Property That Can Be Included in a Probated Estate
After a review of your case, you will have a clear understanding of which assets may be included in the probate process if you do not have the proper safeguards in place that Citadel Law Firm, PLLC can provide. As a general rule, if you own property at the time of your death and it is not included in a will with a named heir to inherit that asset, it will likely have to pass through probate. To help you understand which types of properties might be included in the probate process, here are some of the most common examples:
- Houses and property
- Checking, savings, and retirement accounts that do not have a designated beneficiary
To learn more about the beneficiary process and probate, talk to an estate planning lawyer in AZ from Citadel Law Firm, PLLC today.
Protecting Your Families Interests
Over the past several decades, it has become increasingly socially acceptable to live with one’s romantic partner, build a life together and have a family without ever taking the step of getting legally married. Couples choose to forgo legal marriage for all sorts of reasons, which is perfectly understandable and more than fine. But just as it is important for engaged couples to understand the legal consequences of getting married, it is important for unmarried couples to understand the legal consequences of remaining unmarried.
There is no need to take the step of getting legally wed if you choose not to. But you may need to take some other legal steps to safeguard your interests, your partner’s interests and your children’s interests if you and your partner share children together. Working with a member of our team can help you to protect your own interests and those of your family.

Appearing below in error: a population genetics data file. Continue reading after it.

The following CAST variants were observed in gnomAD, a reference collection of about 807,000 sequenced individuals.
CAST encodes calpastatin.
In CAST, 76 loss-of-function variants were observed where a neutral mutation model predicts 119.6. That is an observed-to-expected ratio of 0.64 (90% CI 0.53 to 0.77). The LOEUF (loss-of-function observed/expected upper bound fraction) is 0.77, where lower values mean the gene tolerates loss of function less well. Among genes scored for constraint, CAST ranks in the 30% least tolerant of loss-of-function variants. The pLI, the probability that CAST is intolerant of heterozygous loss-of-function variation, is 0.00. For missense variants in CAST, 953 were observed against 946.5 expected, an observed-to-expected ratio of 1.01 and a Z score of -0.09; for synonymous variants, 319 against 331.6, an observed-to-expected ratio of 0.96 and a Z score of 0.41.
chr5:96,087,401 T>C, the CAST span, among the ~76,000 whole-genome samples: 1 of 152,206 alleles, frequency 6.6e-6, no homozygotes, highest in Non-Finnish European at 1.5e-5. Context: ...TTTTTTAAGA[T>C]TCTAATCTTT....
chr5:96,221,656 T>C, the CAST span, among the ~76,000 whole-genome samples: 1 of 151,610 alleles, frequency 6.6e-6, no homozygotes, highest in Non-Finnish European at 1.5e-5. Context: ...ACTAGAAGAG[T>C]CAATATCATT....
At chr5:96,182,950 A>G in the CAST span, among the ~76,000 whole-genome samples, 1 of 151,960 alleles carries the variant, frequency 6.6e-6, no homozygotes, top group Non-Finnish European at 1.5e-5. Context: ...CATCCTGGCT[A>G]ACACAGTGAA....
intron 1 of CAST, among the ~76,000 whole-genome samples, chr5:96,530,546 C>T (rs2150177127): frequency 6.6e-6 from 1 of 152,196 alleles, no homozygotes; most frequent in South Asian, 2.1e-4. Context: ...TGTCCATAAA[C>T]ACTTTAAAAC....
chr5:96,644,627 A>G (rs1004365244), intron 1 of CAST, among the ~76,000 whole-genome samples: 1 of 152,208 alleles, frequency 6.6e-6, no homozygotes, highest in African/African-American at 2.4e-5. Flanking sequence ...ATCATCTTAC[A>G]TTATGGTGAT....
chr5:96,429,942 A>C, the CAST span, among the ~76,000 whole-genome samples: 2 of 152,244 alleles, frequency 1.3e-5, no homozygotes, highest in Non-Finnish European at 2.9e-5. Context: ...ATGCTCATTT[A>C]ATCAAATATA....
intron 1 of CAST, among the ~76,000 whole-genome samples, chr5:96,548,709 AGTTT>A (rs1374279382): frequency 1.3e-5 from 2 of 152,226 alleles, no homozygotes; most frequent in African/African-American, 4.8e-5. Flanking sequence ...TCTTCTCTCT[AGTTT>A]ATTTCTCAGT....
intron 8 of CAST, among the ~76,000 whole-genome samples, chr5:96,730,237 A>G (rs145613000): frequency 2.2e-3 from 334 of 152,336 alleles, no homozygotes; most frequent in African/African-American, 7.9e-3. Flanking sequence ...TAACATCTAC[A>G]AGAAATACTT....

Cohabitation, Custody, and Support
Because the law doesn’t legally recognize your partner’s role in your life and in your children’s lives, it may benefit your family to speak with an attorney about drafting a legally enforceable cohabitation agreement. Depending on your family’s unique needs, you can address virtually any subject matter within this document, provided that the law does not prohibit treatment of a specific point. You can discuss child support sharing expectations, property-related matters, financial obligations and even parenting plan/custody issues when appropriate. Every family is different, so speaking with us can help you to be able to understand how this document could work to your particular family’s advantage on legal and practical levels.
Thinking Ahead: Estate Planning
When you are not married, your role in your partner’s life is not legally established. As a result, you may run into trouble down the road if you don’t embrace certain estate planning tools designed to ensure that your wishes are respected in the event that you suffer from an accident, become gravely ill or pass away. It is possible that if you do not legally name your partner as your power of attorney, etc. that you may not even be allowed to visit him or her in the hospital should an accident occur. Similarly, should you pass away unexpectedly, your partner may have difficulty obtaining legally recognized ownership of half of your joint property. These are just two of the many challenges you (and your children) could face if you do not speak with an Arizona estate planning lawyer about your estate planning needs.
Legal Support Is Available
If you have questions about any aspect of family law, please do not hesitate to reach out to us. Too often, individuals and families only reach out for legal guidance when they are in trouble. In reality, all kinds of people may benefit from speaking with an attorney about the particulars of their situation. This is as true in regards to family life as it is in business. You do not need to be in a position to file a legal claim in order to benefit from legal counsel. If you have questions about the legal side of parenting or romantic relationships, please consider connecting with a Gilbert, AZ estate planning lawyer at Citadel Law Firm, PLLC today.